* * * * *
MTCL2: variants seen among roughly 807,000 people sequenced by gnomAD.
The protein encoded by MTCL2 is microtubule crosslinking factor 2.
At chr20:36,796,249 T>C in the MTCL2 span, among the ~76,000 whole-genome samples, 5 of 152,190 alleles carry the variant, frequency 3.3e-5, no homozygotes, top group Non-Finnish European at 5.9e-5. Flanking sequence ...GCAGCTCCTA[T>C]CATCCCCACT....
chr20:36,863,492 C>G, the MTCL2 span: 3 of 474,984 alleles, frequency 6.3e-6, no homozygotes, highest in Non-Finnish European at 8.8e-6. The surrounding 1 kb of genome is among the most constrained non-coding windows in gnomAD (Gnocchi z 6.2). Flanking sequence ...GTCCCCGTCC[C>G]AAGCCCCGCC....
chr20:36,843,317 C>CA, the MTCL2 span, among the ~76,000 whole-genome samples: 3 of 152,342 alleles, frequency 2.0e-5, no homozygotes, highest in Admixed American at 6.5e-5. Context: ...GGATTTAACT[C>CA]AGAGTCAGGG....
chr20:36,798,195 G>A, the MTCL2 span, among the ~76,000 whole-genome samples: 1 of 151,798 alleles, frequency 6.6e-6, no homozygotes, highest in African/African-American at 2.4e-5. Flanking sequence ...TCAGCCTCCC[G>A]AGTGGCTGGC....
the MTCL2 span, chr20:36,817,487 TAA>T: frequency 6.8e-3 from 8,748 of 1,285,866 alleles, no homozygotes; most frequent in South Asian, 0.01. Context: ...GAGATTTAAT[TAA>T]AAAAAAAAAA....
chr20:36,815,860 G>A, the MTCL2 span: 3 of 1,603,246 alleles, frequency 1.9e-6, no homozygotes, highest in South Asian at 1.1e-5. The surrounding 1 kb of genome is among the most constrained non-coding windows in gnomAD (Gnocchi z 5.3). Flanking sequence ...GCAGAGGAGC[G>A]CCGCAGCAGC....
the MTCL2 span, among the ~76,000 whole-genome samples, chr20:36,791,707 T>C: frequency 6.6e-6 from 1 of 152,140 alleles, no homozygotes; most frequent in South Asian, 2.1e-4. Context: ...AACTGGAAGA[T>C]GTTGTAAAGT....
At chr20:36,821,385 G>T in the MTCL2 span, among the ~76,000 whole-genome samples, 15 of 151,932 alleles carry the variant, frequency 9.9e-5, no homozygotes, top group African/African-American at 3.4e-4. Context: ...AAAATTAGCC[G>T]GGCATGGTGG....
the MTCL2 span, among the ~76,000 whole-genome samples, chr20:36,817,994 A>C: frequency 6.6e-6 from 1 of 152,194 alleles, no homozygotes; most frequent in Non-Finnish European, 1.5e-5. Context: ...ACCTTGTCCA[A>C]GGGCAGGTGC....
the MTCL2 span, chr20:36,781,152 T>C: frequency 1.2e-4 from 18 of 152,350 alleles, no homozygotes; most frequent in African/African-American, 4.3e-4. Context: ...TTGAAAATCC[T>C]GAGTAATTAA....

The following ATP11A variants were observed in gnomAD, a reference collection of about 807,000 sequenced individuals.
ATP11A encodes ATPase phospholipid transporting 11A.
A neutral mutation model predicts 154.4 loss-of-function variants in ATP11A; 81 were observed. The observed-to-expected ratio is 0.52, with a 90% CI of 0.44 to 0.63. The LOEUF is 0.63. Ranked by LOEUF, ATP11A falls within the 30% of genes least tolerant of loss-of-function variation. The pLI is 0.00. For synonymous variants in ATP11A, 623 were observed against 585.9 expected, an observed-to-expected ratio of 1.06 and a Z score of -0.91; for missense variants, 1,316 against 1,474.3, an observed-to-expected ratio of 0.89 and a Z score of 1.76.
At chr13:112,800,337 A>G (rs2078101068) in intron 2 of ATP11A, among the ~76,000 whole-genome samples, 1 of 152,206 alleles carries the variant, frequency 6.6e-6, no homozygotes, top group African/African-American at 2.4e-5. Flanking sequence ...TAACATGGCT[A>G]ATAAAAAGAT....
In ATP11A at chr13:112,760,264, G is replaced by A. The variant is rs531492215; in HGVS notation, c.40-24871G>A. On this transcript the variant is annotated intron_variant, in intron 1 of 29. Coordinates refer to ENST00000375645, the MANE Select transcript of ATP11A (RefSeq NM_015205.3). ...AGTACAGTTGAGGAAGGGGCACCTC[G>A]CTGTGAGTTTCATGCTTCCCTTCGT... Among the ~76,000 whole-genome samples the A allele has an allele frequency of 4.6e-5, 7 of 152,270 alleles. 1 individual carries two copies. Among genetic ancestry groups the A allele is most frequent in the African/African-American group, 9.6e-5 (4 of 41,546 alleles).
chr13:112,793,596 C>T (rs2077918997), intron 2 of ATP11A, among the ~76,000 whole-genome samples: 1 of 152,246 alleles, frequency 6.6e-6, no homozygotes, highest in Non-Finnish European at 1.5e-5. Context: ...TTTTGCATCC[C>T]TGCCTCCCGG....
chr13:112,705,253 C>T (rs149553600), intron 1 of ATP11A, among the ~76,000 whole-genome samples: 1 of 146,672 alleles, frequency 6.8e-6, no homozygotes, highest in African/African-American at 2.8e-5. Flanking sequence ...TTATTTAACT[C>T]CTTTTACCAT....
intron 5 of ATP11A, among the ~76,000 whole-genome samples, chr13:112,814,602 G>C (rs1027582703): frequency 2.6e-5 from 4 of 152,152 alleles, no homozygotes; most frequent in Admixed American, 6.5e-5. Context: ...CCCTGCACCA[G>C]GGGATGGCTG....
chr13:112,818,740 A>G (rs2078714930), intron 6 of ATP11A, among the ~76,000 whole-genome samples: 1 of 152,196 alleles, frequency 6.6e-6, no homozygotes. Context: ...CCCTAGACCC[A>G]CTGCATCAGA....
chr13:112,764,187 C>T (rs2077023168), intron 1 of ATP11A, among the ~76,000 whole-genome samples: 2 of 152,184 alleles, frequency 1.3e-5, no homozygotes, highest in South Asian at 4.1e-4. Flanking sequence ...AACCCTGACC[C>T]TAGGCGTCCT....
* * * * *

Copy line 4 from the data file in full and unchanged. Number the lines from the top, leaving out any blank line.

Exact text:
chr20:36,863,492 C>G, the MTCL2 span: 3 of 474,984 alleles, frequency 6.3e-6, no homozygotes, highest in Non-Finnish European at 8.8e-6. The surrounding 1 kb of genome is among the most constrained non-coding windows in gnomAD (Gnocchi z 6.2). Flanking sequence ...GTCCCCGTCC[C>G]AAGCCCCGCC....